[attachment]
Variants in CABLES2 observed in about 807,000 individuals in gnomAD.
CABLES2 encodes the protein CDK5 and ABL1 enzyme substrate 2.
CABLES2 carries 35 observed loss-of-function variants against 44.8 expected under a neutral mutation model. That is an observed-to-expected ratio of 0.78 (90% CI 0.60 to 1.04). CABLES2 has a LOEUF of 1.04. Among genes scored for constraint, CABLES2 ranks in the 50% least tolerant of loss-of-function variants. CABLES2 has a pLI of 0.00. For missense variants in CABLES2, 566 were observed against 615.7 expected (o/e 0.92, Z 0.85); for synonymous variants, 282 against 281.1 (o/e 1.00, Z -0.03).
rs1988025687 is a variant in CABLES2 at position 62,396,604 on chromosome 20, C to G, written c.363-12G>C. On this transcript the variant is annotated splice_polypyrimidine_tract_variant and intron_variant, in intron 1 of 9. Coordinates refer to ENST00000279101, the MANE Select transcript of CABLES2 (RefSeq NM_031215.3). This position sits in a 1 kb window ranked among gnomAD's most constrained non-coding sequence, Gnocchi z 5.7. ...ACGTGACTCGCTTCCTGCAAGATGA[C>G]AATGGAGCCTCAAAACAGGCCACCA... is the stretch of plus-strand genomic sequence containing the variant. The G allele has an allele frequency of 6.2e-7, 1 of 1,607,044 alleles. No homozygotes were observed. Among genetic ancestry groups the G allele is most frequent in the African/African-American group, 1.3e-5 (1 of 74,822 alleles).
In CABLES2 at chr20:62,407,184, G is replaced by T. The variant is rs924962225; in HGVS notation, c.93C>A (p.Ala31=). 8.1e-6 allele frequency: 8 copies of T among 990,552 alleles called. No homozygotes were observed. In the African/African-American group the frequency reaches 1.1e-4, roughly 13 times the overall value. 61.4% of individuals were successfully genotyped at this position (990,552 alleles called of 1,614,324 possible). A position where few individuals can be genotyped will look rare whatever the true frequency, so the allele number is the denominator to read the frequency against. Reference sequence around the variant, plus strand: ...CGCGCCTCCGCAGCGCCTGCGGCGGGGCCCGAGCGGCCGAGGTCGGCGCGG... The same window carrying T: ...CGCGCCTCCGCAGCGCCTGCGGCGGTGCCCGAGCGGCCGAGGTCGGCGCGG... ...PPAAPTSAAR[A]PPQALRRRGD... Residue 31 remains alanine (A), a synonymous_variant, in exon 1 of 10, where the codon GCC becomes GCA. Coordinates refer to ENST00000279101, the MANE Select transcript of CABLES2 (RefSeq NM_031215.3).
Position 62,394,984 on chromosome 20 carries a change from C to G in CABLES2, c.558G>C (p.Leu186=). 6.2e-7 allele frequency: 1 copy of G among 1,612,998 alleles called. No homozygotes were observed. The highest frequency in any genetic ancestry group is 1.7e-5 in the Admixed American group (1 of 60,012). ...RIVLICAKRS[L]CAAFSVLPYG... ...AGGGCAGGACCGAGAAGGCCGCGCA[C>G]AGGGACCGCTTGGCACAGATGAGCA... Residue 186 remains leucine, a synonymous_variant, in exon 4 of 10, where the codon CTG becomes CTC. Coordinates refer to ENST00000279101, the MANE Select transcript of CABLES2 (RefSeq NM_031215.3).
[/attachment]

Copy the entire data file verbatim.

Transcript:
Variants in CABLES2 observed in about 807,000 individuals in gnomAD.
CABLES2 encodes the protein CDK5 and ABL1 enzyme substrate 2.
CABLES2 carries 35 observed loss-of-function variants against 44.8 expected under a neutral mutation model. That is an observed-to-expected ratio of 0.78 (90% CI 0.60 to 1.04). CABLES2 has a LOEUF of 1.04. Among genes scored for constraint, CABLES2 ranks in the 50% least tolerant of loss-of-function variants. CABLES2 has a pLI of 0.00. For missense variants in CABLES2, 566 were observed against 615.7 expected (o/e 0.92, Z 0.85); for synonymous variants, 282 against 281.1 (o/e 1.00, Z -0.03).
rs1988025687 is a variant in CABLES2 at position 62,396,604 on chromosome 20, C to G, written c.363-12G>C. On this transcript the variant is annotated splice_polypyrimidine_tract_variant and intron_variant, in intron 1 of 9. Coordinates refer to ENST00000279101, the MANE Select transcript of CABLES2 (RefSeq NM_031215.3). This position sits in a 1 kb window ranked among gnomAD's most constrained non-coding sequence, Gnocchi z 5.7. ...ACGTGACTCGCTTCCTGCAAGATGA[C>G]AATGGAGCCTCAAAACAGGCCACCA... is the stretch of plus-strand genomic sequence containing the variant. The G allele has an allele frequency of 6.2e-7, 1 of 1,607,044 alleles. No homozygotes were observed. Among genetic ancestry groups the G allele is most frequent in the African/African-American group, 1.3e-5 (1 of 74,822 alleles).
In CABLES2 at chr20:62,407,184, G is replaced by T. The variant is rs924962225; in HGVS notation, c.93C>A (p.Ala31=). 8.1e-6 allele frequency: 8 copies of T among 990,552 alleles called. No homozygotes were observed. In the African/African-American group the frequency reaches 1.1e-4, roughly 13 times the overall value. 61.4% of individuals were successfully genotyped at this position (990,552 alleles called of 1,614,324 possible). A position where few individuals can be genotyped will look rare whatever the true frequency, so the allele number is the denominator to read the frequency against. Reference sequence around the variant, plus strand: ...CGCGCCTCCGCAGCGCCTGCGGCGGGGCCCGAGCGGCCGAGGTCGGCGCGG... The same window carrying T: ...CGCGCCTCCGCAGCGCCTGCGGCGGTGCCCGAGCGGCCGAGGTCGGCGCGG... ...PPAAPTSAAR[A]PPQALRRRGD... Residue 31 remains alanine (A), a synonymous_variant, in exon 1 of 10, where the codon GCC becomes GCA. Coordinates refer to ENST00000279101, the MANE Select transcript of CABLES2 (RefSeq NM_031215.3).
Position 62,394,984 on chromosome 20 carries a change from C to G in CABLES2, c.558G>C (p.Leu186=). 6.2e-7 allele frequency: 1 copy of G among 1,612,998 alleles called. No homozygotes were observed. The highest frequency in any genetic ancestry group is 1.7e-5 in the Admixed American group (1 of 60,012). ...RIVLICAKRS[L]CAAFSVLPYG... ...AGGGCAGGACCGAGAAGGCCGCGCA[C>G]AGGGACCGCTTGGCACAGATGAGCA... Residue 186 remains leucine, a synonymous_variant, in exon 4 of 10, where the codon CTG becomes CTC. Coordinates refer to ENST00000279101, the MANE Select transcript of CABLES2 (RefSeq NM_031215.3).